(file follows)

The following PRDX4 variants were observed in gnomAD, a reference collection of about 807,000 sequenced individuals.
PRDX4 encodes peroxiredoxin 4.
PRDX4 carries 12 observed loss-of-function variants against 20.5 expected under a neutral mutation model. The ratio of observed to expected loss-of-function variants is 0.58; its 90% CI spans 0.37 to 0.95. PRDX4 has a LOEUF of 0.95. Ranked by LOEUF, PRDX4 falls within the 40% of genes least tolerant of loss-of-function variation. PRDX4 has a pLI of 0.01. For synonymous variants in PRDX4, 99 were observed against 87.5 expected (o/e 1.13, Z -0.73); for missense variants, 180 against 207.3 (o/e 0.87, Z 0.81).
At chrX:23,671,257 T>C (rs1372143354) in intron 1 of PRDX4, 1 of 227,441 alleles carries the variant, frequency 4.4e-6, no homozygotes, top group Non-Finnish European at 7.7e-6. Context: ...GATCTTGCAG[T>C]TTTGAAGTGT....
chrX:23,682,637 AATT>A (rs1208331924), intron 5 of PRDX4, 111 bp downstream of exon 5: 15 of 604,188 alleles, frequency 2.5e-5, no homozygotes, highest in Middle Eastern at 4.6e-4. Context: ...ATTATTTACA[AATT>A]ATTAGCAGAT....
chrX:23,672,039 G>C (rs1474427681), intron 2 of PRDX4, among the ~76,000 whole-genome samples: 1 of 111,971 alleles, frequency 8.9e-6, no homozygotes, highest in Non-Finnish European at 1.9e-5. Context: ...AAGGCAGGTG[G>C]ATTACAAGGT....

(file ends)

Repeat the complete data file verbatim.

The following PRDX4 variants were observed in gnomAD, a reference collection of about 807,000 sequenced individuals.
PRDX4 encodes peroxiredoxin 4.
PRDX4 carries 12 observed loss-of-function variants against 20.5 expected under a neutral mutation model. The ratio of observed to expected loss-of-function variants is 0.58; its 90% CI spans 0.37 to 0.95. PRDX4 has a LOEUF of 0.95. Ranked by LOEUF, PRDX4 falls within the 40% of genes least tolerant of loss-of-function variation. PRDX4 has a pLI of 0.01. For synonymous variants in PRDX4, 99 were observed against 87.5 expected (o/e 1.13, Z -0.73); for missense variants, 180 against 207.3 (o/e 0.87, Z 0.81).
At chrX:23,671,257 T>C (rs1372143354) in intron 1 of PRDX4, 1 of 227,441 alleles carries the variant, frequency 4.4e-6, no homozygotes, top group Non-Finnish European at 7.7e-6. Context: ...GATCTTGCAG[T>C]TTTGAAGTGT....
chrX:23,682,637 AATT>A (rs1208331924), intron 5 of PRDX4, 111 bp downstream of exon 5: 15 of 604,188 alleles, frequency 2.5e-5, no homozygotes, highest in Middle Eastern at 4.6e-4. Context: ...ATTATTTACA[AATT>A]ATTAGCAGAT....
chrX:23,672,039 G>C (rs1474427681), intron 2 of PRDX4, among the ~76,000 whole-genome samples: 1 of 111,971 alleles, frequency 8.9e-6, no homozygotes, highest in Non-Finnish European at 1.9e-5. Context: ...AAGGCAGGTG[G>C]ATTACAAGGT....